Eddie Hartley thinks that he may have hit his peak in his early twenties. Back then, he was handsome, dating a gorgeous girlfriend and he had even landed a few small acting roles, which should have been his first step on his way to fame.
Now, in his mid-thirties, he is in a rut. He didn't make it in Hollywood and he has given up on his own acting career. Instead, he is a drama teacher at his alma matter, an fancy all-boys private school. He tries to convince himself that teaching the next generation of actors was the role that he was born to do, but internally, he suspects that it's a default position due to the fact that he was never a great actor in the first place. To make matters worse, the beautiful girlfriend that he dated in his twenties, is now a megastar on a hit television show. Even though they broke up years ago, Martha's presence is everywhere. He can't escape her.
Things at home are also not as he planned. Eddie's wife, Susan, desperately wants a child and the couple has blown through their meager savings on fertility treatments that have failed to help.
Eddie is feeling trapped when an old friend comes back into his life with a suggestion. Why not sell an old sex tape that he made with Martha to a tabloid? After all, she broke up with him and the money could be used to finance the fertility treatments. Why not use a piece of his past to secure his future?
Christopher Beha's novel Arts & Entertainments is a hilarious satire of our socities obsession with celebrity culture. What really works is Beha's anti-hero, Eddie. I see Eddie to varying degrees in many people that I know. He wants to do the right thing, but his need for validation from his peers and his desire for fame, makes him often oblivious to the good things that he has in his life. He doesn't look at his wife, steady job or cushy middle-class life, as positives. He is so focused on what he doesn't have, that he makes his life miserable and the standards to which he is measuring himself against, are impossible.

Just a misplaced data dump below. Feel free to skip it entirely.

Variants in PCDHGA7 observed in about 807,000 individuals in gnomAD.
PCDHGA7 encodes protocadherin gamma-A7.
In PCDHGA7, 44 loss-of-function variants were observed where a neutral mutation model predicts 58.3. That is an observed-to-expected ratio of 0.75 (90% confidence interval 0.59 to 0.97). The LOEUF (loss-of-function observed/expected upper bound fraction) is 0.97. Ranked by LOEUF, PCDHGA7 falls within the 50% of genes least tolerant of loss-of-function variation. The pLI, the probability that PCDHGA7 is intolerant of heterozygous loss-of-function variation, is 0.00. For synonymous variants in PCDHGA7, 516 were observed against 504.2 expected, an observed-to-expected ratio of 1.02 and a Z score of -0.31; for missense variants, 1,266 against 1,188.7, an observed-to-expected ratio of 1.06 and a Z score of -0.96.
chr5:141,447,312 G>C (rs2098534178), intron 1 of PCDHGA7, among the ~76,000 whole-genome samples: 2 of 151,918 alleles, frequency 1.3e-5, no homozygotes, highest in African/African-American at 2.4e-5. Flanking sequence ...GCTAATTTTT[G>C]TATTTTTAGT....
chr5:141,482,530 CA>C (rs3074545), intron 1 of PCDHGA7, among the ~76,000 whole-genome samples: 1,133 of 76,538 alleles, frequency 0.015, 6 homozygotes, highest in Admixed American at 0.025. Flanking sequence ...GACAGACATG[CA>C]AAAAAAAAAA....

Although Eddie makes a million mistakes and often in the name of self-interest, I still felt compassion for him, because he was realistic and reflected in people that I care about. This was the strongest aspect of Beha's story, his ability to see then ugly truths of our society and make them human.
Arts & Entertainments often had me laughing-out-loud. Beha has a great sense of humor and that reminded me of Bret Easton Ellis. I found the story to be very engaging, until the last quarter of the story, where the resolution fell a bit flat. Honestly, I can't think of a better ending, but it still didn't resonate. It was off.
Overall, I enjoyed the story. Beha has a gift for mirroring the unflattering truths about our society and creating characters that feel real. His quick wit really shines in his writing and makes the story difficult to put down.